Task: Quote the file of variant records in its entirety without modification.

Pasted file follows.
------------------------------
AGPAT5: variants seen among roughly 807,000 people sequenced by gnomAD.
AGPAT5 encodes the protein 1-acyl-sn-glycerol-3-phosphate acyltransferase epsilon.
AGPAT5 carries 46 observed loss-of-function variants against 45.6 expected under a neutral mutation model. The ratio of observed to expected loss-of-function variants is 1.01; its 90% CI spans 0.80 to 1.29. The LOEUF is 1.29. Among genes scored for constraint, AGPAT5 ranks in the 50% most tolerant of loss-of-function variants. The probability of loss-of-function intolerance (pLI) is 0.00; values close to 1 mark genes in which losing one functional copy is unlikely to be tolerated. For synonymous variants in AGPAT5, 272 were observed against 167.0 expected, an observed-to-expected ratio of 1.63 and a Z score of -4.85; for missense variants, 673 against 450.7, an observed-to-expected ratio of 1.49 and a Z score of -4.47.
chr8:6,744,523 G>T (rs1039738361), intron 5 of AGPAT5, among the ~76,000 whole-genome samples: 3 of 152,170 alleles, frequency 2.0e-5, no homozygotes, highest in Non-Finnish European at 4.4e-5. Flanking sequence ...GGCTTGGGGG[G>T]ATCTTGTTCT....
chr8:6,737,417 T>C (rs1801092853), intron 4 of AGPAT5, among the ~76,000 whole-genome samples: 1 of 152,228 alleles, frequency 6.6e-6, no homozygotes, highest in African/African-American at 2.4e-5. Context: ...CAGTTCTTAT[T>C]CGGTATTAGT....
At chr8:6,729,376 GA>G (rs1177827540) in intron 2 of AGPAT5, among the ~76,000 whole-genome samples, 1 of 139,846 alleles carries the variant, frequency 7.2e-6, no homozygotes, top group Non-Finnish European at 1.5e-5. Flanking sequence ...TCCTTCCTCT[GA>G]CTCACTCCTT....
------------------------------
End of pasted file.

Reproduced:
AGPAT5: variants seen among roughly 807,000 people sequenced by gnomAD.
AGPAT5 encodes the protein 1-acyl-sn-glycerol-3-phosphate acyltransferase epsilon.
AGPAT5 carries 46 observed loss-of-function variants against 45.6 expected under a neutral mutation model. The ratio of observed to expected loss-of-function variants is 1.01; its 90% CI spans 0.80 to 1.29. The LOEUF is 1.29. Among genes scored for constraint, AGPAT5 ranks in the 50% most tolerant of loss-of-function variants. The probability of loss-of-function intolerance (pLI) is 0.00; values close to 1 mark genes in which losing one functional copy is unlikely to be tolerated. For synonymous variants in AGPAT5, 272 were observed against 167.0 expected, an observed-to-expected ratio of 1.63 and a Z score of -4.85; for missense variants, 673 against 450.7, an observed-to-expected ratio of 1.49 and a Z score of -4.47.
chr8:6,744,523 G>T (rs1039738361), intron 5 of AGPAT5, among the ~76,000 whole-genome samples: 3 of 152,170 alleles, frequency 2.0e-5, no homozygotes, highest in Non-Finnish European at 4.4e-5. Flanking sequence ...GGCTTGGGGG[G>T]ATCTTGTTCT....
chr8:6,737,417 T>C (rs1801092853), intron 4 of AGPAT5, among the ~76,000 whole-genome samples: 1 of 152,228 alleles, frequency 6.6e-6, no homozygotes, highest in African/African-American at 2.4e-5. Context: ...CAGTTCTTAT[T>C]CGGTATTAGT....
At chr8:6,729,376 GA>G (rs1177827540) in intron 2 of AGPAT5, among the ~76,000 whole-genome samples, 1 of 139,846 alleles carries the variant, frequency 7.2e-6, no homozygotes, top group Non-Finnish European at 1.5e-5. Flanking sequence ...TCCTTCCTCT[GA>G]CTCACTCCTT....